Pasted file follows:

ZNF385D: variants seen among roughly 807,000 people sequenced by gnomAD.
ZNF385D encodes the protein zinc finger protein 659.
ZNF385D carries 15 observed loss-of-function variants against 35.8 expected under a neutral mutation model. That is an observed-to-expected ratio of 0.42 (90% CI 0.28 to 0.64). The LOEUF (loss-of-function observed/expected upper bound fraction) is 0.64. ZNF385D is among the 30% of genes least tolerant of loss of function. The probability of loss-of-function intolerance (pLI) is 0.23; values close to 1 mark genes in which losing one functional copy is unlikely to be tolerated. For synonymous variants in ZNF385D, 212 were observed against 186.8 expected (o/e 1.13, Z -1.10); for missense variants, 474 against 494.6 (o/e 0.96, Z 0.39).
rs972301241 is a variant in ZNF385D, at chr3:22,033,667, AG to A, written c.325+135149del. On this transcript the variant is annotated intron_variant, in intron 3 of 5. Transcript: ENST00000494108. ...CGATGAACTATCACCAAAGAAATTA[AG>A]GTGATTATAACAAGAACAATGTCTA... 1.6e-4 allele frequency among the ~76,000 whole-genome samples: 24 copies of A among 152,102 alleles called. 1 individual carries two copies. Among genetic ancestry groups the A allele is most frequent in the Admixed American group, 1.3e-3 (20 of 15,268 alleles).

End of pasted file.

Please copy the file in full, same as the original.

ZNF385D: variants seen among roughly 807,000 people sequenced by gnomAD.
ZNF385D encodes the protein zinc finger protein 659.
ZNF385D carries 15 observed loss-of-function variants against 35.8 expected under a neutral mutation model. That is an observed-to-expected ratio of 0.42 (90% CI 0.28 to 0.64). The LOEUF (loss-of-function observed/expected upper bound fraction) is 0.64. ZNF385D is among the 30% of genes least tolerant of loss of function. The probability of loss-of-function intolerance (pLI) is 0.23; values close to 1 mark genes in which losing one functional copy is unlikely to be tolerated. For synonymous variants in ZNF385D, 212 were observed against 186.8 expected (o/e 1.13, Z -1.10); for missense variants, 474 against 494.6 (o/e 0.96, Z 0.39).
rs972301241 is a variant in ZNF385D, at chr3:22,033,667, AG to A, written c.325+135149del. On this transcript the variant is annotated intron_variant, in intron 3 of 5. Transcript: ENST00000494108. ...CGATGAACTATCACCAAAGAAATTA[AG>A]GTGATTATAACAAGAACAATGTCTA... 1.6e-4 allele frequency among the ~76,000 whole-genome samples: 24 copies of A among 152,102 alleles called. 1 individual carries two copies. Among genetic ancestry groups the A allele is most frequent in the Admixed American group, 1.3e-3 (20 of 15,268 alleles).